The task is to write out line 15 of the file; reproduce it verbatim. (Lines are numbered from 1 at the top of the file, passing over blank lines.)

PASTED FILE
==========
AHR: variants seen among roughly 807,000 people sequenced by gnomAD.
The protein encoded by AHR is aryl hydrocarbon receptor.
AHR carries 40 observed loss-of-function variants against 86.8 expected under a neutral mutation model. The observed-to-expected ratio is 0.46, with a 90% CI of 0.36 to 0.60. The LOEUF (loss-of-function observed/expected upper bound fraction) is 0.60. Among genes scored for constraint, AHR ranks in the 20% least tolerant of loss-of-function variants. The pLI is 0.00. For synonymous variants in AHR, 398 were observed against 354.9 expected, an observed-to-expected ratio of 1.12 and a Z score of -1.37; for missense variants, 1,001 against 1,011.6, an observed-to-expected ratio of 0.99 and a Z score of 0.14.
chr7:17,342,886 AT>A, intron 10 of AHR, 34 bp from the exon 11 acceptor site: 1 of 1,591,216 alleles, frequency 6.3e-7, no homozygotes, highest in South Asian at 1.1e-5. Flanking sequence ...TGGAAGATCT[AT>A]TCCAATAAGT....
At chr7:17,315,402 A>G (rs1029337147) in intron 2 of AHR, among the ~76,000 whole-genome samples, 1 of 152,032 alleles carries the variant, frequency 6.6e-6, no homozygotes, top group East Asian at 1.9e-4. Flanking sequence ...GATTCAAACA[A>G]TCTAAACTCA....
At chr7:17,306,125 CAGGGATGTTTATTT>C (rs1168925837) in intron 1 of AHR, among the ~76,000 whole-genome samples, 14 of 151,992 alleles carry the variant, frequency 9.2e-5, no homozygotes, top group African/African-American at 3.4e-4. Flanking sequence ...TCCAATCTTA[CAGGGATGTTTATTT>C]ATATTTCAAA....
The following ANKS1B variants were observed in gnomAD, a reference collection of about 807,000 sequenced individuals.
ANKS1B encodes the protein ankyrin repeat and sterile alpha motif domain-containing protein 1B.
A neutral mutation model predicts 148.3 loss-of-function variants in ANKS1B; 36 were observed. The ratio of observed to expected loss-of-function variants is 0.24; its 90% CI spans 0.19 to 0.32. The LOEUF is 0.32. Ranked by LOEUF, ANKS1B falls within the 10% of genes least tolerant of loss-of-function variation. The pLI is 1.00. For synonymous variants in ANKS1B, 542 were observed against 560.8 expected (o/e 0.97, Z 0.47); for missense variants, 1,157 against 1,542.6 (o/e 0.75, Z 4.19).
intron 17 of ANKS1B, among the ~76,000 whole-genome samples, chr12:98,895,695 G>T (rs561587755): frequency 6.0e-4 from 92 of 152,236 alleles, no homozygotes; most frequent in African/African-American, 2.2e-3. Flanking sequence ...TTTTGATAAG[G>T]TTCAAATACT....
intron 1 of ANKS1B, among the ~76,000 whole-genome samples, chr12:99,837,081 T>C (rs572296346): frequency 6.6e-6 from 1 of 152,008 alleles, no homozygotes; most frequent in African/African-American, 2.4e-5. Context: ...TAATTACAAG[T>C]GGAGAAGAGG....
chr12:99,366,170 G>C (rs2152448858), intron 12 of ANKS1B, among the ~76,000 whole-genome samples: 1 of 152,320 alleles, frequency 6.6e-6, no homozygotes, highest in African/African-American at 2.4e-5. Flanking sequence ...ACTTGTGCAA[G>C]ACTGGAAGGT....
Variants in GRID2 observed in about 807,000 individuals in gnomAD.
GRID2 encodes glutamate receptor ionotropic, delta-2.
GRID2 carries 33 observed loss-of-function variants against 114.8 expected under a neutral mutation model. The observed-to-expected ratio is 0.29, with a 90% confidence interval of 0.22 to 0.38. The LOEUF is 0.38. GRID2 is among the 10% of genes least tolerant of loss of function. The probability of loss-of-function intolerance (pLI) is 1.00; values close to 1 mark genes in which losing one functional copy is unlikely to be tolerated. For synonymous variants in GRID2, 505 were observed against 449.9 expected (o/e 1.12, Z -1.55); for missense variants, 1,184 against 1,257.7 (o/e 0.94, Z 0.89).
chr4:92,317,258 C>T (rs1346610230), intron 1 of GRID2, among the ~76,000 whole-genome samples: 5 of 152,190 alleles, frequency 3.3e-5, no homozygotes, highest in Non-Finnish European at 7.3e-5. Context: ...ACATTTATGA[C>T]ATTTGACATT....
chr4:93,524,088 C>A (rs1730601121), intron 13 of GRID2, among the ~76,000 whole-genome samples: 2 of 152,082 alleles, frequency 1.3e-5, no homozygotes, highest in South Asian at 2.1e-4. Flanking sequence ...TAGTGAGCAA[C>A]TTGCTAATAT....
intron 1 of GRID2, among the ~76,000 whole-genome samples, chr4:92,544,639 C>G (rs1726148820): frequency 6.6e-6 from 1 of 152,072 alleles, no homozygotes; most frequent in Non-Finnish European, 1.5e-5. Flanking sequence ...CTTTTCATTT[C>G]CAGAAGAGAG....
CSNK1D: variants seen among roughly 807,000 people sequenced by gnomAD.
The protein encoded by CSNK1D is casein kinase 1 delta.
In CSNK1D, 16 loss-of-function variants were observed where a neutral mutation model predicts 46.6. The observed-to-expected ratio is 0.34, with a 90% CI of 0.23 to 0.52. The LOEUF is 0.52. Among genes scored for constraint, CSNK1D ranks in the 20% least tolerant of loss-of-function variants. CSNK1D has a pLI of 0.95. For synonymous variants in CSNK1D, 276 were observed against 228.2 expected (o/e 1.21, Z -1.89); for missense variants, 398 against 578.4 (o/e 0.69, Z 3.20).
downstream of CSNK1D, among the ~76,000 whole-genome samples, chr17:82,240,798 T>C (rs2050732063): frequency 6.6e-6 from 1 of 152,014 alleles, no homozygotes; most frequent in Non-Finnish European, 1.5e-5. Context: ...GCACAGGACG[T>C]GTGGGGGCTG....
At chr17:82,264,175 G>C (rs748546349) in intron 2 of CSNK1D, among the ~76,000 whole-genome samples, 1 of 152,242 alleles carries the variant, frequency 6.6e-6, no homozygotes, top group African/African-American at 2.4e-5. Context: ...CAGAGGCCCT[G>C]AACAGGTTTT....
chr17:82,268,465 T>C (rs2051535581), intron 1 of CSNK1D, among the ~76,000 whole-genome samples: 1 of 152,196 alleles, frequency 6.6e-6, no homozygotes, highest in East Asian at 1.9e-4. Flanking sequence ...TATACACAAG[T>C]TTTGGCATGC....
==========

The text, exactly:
GRID2 carries 33 observed loss-of-function variants against 114.8 expected under a neutral mutation model. The observed-to-expected ratio is 0.29, with a 90% confidence interval of 0.22 to 0.38. The LOEUF is 0.38. GRID2 is among the 10% of genes least tolerant of loss of function. The probability of loss-of-function intolerance (pLI) is 1.00; values close to 1 mark genes in which losing one functional copy is unlikely to be tolerated. For synonymous variants in GRID2, 505 were observed against 449.9 expected (o/e 1.12, Z -1.55); for missense variants, 1,184 against 1,257.7 (o/e 0.94, Z 0.89).